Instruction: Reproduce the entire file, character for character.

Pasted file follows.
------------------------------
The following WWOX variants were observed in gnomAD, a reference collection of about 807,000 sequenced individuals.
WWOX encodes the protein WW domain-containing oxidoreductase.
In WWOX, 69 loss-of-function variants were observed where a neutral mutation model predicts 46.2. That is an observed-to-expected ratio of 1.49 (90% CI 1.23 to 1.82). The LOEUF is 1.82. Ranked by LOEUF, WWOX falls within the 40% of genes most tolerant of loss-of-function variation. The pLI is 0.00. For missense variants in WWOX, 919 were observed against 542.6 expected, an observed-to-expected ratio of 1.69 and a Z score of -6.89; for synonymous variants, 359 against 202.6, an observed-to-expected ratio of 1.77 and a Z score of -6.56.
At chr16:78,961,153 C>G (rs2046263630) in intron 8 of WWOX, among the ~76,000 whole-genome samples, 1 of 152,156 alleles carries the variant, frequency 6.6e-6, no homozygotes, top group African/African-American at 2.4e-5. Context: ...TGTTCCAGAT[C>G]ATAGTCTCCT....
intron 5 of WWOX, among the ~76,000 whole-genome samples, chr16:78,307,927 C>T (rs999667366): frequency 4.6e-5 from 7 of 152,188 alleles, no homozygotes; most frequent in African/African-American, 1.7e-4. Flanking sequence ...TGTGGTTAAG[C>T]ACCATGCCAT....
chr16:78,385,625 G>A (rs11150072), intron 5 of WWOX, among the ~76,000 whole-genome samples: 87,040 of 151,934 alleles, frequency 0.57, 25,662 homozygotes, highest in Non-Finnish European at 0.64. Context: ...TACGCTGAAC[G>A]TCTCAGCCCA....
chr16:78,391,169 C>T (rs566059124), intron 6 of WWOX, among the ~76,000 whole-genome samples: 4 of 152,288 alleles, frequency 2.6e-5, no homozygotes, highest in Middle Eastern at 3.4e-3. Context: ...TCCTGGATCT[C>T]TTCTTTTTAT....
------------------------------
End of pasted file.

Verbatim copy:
The following WWOX variants were observed in gnomAD, a reference collection of about 807,000 sequenced individuals.
WWOX encodes the protein WW domain-containing oxidoreductase.
In WWOX, 69 loss-of-function variants were observed where a neutral mutation model predicts 46.2. That is an observed-to-expected ratio of 1.49 (90% CI 1.23 to 1.82). The LOEUF is 1.82. Ranked by LOEUF, WWOX falls within the 40% of genes most tolerant of loss-of-function variation. The pLI is 0.00. For missense variants in WWOX, 919 were observed against 542.6 expected, an observed-to-expected ratio of 1.69 and a Z score of -6.89; for synonymous variants, 359 against 202.6, an observed-to-expected ratio of 1.77 and a Z score of -6.56.
At chr16:78,961,153 C>G (rs2046263630) in intron 8 of WWOX, among the ~76,000 whole-genome samples, 1 of 152,156 alleles carries the variant, frequency 6.6e-6, no homozygotes, top group African/African-American at 2.4e-5. Context: ...TGTTCCAGAT[C>G]ATAGTCTCCT....
intron 5 of WWOX, among the ~76,000 whole-genome samples, chr16:78,307,927 C>T (rs999667366): frequency 4.6e-5 from 7 of 152,188 alleles, no homozygotes; most frequent in African/African-American, 1.7e-4. Flanking sequence ...TGTGGTTAAG[C>T]ACCATGCCAT....
chr16:78,385,625 G>A (rs11150072), intron 5 of WWOX, among the ~76,000 whole-genome samples: 87,040 of 151,934 alleles, frequency 0.57, 25,662 homozygotes, highest in Non-Finnish European at 0.64. Context: ...TACGCTGAAC[G>A]TCTCAGCCCA....
chr16:78,391,169 C>T (rs566059124), intron 6 of WWOX, among the ~76,000 whole-genome samples: 4 of 152,288 alleles, frequency 2.6e-5, no homozygotes, highest in Middle Eastern at 3.4e-3. Context: ...TCCTGGATCT[C>T]TTCTTTTTAT....